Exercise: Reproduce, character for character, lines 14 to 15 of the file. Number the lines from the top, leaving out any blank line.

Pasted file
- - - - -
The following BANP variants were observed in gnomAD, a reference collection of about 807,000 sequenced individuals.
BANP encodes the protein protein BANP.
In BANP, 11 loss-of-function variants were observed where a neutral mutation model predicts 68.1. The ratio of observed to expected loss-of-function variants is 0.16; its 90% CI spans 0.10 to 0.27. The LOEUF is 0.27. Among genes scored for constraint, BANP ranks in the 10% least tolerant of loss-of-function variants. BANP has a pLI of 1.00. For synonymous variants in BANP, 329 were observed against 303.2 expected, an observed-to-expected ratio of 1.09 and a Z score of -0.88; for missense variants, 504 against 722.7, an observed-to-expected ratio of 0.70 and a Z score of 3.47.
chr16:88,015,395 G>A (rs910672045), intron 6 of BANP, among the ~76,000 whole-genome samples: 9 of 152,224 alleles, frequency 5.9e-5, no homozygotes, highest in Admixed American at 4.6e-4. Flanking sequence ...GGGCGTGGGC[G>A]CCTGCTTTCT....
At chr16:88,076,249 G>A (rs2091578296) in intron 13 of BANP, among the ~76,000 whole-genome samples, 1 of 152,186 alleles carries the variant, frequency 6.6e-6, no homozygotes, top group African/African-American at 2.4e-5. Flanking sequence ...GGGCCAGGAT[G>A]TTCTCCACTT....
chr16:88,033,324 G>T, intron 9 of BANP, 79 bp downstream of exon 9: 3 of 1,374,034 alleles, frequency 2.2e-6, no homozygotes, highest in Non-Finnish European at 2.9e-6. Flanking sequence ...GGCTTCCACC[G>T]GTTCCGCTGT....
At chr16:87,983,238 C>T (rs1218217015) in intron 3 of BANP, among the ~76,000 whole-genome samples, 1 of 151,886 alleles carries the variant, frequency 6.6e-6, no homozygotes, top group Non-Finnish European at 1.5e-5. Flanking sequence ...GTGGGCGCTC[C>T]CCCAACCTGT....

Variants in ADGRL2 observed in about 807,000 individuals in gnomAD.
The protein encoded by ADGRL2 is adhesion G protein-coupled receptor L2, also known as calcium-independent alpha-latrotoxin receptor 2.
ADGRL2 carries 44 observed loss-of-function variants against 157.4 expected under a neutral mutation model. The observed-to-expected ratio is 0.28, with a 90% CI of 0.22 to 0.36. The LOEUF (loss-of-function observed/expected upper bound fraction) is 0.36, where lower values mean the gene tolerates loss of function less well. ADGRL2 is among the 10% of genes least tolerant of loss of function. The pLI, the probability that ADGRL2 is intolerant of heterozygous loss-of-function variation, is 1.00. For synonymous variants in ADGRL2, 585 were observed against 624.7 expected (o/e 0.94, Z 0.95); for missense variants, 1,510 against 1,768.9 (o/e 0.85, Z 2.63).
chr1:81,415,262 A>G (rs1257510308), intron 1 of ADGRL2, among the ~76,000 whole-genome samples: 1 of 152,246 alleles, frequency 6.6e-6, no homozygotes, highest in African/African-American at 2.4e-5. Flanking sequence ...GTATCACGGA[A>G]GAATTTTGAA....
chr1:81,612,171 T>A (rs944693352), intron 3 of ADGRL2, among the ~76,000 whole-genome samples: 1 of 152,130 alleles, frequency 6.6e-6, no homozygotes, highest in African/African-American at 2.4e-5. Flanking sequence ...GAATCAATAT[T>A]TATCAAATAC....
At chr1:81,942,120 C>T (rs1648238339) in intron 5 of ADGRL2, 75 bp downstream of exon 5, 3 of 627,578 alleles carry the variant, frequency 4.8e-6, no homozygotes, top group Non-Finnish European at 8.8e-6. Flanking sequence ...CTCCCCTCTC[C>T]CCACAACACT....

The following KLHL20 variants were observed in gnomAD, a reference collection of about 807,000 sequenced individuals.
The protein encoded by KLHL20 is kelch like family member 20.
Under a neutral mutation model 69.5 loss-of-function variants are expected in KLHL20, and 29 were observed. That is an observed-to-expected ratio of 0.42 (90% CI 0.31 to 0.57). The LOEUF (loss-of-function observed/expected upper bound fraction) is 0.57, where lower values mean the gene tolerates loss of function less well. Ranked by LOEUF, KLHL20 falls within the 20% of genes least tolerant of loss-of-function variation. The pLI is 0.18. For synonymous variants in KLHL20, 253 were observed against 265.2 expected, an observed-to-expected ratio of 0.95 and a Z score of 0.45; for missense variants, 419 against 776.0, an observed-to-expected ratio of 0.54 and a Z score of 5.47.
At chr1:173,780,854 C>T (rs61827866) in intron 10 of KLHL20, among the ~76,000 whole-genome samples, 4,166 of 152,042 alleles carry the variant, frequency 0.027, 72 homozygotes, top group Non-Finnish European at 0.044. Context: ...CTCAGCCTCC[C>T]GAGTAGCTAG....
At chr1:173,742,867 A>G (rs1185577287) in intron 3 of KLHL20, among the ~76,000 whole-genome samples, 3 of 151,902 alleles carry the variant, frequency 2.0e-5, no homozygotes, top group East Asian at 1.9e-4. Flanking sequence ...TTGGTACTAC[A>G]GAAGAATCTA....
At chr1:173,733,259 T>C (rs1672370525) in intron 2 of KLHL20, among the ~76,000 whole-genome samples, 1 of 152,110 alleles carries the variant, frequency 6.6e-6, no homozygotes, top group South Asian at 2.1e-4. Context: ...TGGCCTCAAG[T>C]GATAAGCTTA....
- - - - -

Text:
The following KLHL20 variants were observed in gnomAD, a reference collection of about 807,000 sequenced individuals.
The protein encoded by KLHL20 is kelch like family member 20.